Stronger action required on environmental pollutants

Thinkstock/Sergey Mostovoy

Exposure to toxic metals and persistent organic pollutants (POPs) remains a public health issue of serious concern, according to a new report entitled "Human biomonitoring: facts and figures", which will be presented at the WHO mid-term review of the European Environment and Health Process in Haifa, Israel, on 28–30 April 2015. 

The report reveals that substantial numbers of children and women of childbearing age in countries of the WHO European Region are exposed to pollutants at levels that can cause adverse health effects. Human biomonitoring (HBM) measures levels of pollutants in the human body – including from blood, urine, hair and breast milk – reflecting exposures through various pathways. 

Early-life exposure to mercury and lead can affect neurological development. While exposure to most POPs has declined steadily, their presence in breast milk remains an issue of concern owing to their potential endocrine-disrupting properties. The benefits of breastfeeding, however, outweigh the risks of exposure to pollutants.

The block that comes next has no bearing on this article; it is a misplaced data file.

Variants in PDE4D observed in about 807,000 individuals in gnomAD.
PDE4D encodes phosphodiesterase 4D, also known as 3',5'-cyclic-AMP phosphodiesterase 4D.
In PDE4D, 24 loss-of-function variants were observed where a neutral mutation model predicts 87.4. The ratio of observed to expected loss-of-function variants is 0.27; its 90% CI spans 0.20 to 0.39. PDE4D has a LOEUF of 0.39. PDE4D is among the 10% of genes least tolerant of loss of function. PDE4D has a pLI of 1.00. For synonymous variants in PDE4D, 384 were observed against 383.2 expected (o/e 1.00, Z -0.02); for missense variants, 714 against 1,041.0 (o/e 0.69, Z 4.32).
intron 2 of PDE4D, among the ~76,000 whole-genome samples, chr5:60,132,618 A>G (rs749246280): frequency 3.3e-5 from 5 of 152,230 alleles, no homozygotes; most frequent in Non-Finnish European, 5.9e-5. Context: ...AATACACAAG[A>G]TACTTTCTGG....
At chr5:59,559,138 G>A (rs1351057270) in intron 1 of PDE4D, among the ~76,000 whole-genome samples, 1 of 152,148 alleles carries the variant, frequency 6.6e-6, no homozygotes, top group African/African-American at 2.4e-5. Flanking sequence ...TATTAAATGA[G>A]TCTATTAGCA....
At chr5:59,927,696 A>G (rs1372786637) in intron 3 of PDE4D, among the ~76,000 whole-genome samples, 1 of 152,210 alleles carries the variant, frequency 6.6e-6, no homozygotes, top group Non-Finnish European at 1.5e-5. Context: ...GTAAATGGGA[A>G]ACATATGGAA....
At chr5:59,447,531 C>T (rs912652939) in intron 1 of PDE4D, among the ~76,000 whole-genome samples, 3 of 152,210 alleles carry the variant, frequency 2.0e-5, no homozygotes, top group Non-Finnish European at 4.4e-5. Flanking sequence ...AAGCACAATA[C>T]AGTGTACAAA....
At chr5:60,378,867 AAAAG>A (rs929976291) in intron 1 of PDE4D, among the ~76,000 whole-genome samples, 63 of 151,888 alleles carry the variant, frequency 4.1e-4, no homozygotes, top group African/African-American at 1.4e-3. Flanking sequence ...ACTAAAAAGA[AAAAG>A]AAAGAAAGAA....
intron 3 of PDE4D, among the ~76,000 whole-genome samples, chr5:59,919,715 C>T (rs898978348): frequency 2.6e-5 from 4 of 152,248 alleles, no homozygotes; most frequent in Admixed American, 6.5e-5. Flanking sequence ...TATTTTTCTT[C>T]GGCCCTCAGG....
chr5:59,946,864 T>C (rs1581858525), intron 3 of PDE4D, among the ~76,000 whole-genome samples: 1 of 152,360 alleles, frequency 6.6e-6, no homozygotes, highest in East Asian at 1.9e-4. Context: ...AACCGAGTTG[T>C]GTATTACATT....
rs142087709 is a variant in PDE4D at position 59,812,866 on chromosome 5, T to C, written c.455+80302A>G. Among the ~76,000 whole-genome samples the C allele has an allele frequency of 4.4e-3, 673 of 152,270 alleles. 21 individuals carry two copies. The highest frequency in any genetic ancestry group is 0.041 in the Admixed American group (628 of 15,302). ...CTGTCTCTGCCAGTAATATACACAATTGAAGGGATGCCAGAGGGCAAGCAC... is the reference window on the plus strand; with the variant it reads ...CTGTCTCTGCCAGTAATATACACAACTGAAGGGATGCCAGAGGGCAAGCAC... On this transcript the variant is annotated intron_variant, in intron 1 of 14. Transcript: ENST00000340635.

More than 140 000 registered chemicals are in use in Europe. HBM studies highlight the importance of monitoring exposure to chemicals, especially among the most vulnerable groups, in order to inform and guide policy-makers in developing protective measures. 

Exposure to pollutants varies substantially across the Region. Higher levels of exposure to DDT (dichlorodiphenyltrichloroethane) and phthalates were found in lower-income countries, while exposure to mercury is higher in countries with high fish consumption.
The report identifies concerns about the lack of HBM data that can be used effectively for policy development and monitoring. 

One world pollution

"This is truly an international issue," explains Dr Dorota Jarosinska, Programme Manager for Environmental Exposures and Risks at WHO/Europe. "Some pollutants, such as mercury and POPs, can travel long distances in the atmosphere and cross international borders. People could be affected, for example, through eating fish that have been contaminated by pollutants released on the other side of the world. This is why internationally coordinated action is essential."

Identifying steps for the future

The report identifies the need to:

  • harmonize HBM approaches throughout the European Region in order to produce internationally comparable data and identify populations with high levels of exposure;
  • use HBM data in conjunction with emissions, lifestyle or nutrition data to identify sources of exposures, assess health risks and design evidence-based interventions to protect health.